The situation is moving: when the waking-song was sung, the husbands – all save Lynceus, who was married to Hypermestra – were sleeping the sleep of death. But the scene, because reported, is less dramatic than that in Euripides’ Phaëthon, in which play (Frag. 781) Merops appears with a chorus of maidens who sing the nuptial song in honour of Phaëthon at the very moment when Phaëthon’s corpse is being carried into the chamber of Clymene, the wife of Merops. In Wilhelm Tell the music of a wedding-procession is heard while Gessler is in the agonies of death.


Athenaeus, Deipnosophists xiii. 73. p. 600B; Eustathius on Iliad 978. 25 (omitting ll. 6-7), misled the reference to Aeschylus of Alexandria in Athen. 599E, ascribed ll. 1-5 to that poet.

The holy heaven yearns to wound the earth, and yearning layeth hold on the earth to join in wedlock; the rain, fallen from the amorous heaven, impregnates the earth, and it bringeth forth for mankind the food of flocks and herds and Demeter’s gifts; and from that moist marriage-rite the woods put on their bloom. Of all these things I am the cause.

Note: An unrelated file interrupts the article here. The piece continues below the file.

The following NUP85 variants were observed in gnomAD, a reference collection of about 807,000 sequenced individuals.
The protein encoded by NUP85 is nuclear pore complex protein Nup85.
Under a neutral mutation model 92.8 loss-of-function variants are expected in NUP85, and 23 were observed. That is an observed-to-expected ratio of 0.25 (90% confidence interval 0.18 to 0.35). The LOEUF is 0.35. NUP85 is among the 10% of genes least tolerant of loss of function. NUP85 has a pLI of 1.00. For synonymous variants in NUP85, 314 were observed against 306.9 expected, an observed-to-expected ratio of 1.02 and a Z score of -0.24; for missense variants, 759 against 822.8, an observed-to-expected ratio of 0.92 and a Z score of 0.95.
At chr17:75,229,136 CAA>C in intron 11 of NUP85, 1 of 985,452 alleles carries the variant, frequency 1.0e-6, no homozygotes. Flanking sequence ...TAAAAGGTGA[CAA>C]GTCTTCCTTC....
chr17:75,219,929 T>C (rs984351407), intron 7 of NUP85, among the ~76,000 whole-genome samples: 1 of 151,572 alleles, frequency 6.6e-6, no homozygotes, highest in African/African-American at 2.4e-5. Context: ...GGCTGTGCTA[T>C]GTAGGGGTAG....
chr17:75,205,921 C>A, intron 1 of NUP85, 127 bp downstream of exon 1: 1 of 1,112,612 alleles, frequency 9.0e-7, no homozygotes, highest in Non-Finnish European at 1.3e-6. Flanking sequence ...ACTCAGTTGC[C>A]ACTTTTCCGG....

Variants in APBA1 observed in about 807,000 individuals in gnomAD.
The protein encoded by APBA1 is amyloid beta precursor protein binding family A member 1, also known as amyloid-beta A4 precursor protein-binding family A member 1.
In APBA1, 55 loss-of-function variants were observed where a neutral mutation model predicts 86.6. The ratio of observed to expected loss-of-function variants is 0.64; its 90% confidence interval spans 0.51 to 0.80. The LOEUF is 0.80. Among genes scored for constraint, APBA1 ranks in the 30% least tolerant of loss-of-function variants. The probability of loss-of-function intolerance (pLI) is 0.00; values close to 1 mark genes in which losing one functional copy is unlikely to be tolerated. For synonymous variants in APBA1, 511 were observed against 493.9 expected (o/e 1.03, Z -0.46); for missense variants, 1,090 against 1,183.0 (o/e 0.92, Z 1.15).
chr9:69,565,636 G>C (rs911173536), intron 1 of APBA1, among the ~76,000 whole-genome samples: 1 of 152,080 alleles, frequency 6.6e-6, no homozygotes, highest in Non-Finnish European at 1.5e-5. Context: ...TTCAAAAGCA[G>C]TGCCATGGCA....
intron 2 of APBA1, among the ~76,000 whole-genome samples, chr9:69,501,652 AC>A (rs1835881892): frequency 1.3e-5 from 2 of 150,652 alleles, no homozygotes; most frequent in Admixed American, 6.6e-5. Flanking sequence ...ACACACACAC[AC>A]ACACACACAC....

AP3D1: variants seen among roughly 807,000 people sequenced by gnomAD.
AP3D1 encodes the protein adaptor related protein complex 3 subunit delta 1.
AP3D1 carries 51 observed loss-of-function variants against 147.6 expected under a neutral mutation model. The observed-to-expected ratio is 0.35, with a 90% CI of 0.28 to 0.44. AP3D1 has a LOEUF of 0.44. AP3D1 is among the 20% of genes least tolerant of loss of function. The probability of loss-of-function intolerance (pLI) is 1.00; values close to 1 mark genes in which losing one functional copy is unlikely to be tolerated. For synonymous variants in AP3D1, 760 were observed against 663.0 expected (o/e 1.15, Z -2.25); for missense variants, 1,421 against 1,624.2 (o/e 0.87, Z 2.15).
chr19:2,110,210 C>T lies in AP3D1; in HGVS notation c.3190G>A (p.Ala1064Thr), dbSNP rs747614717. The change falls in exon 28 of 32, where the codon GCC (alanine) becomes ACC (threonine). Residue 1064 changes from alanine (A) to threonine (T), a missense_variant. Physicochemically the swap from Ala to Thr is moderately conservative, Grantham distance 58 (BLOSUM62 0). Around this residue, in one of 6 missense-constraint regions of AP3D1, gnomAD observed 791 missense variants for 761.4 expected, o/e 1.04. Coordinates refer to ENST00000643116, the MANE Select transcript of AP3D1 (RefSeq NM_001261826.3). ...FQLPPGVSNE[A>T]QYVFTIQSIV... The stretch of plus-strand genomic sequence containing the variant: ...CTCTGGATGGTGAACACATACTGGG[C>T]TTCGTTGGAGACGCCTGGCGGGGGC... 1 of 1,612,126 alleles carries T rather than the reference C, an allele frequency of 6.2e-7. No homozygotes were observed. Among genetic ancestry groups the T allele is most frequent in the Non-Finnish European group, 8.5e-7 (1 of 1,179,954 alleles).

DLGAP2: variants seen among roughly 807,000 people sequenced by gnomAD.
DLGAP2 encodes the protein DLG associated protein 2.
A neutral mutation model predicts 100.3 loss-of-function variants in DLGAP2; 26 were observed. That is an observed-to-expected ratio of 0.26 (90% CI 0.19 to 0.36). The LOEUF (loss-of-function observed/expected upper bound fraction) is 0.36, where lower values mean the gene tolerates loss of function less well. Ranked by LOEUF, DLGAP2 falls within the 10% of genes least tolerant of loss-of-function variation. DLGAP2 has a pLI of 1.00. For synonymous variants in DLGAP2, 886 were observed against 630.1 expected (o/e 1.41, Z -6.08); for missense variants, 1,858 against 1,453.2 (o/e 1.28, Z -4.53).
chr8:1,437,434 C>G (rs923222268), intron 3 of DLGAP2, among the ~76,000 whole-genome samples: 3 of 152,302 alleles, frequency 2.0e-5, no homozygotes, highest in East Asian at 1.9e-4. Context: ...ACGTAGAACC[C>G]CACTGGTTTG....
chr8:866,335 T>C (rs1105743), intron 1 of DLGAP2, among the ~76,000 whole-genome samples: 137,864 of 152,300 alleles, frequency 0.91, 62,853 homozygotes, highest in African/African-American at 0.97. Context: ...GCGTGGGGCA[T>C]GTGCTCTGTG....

These lines – the Bridal of Heaven and Earth, imitated by Euripides, Fragment 898 – were spoken, says Athenaeus, by Aphrodite herself; and probably in defence of Hypermestra at her trial for disobedience to her father’s command. Cp. Lucretius i. 250 (imbres) pater aether in gremium matris terrain praecipitavit, and Virgil, Georg. ii. 235.


Plutarch in his Life of Theseus 29, states that Theseus, in conjunction with Adrastus, effected the recovery of the bodies of the Argives slain before Thebes (in the expedition against that city undertaken by the seven champions); that Aeschylus made the recovery the result of persuasion on the part of Theseus, whereas Euripides, in his Suppliants, ascribed it to a victory over the Argives; and that Theseus appeared in Aeschylus’ play, and out of kindness to Adrastus caused the leaders to be buried at Eleusis, the soldiery at Eleutherae, where their tombs were still shown in his day.
To The Men of Eleusis have been assigned Fragments 178, 199, 200, 214, 215, 241


Didymus, Commentary on Demosthenes’ Philippic xii (xiii) in Berliner Papyrus 978- (Berliner Klassikertexte i. (1904) 66).

The matter pressed, rotting already was the corpse.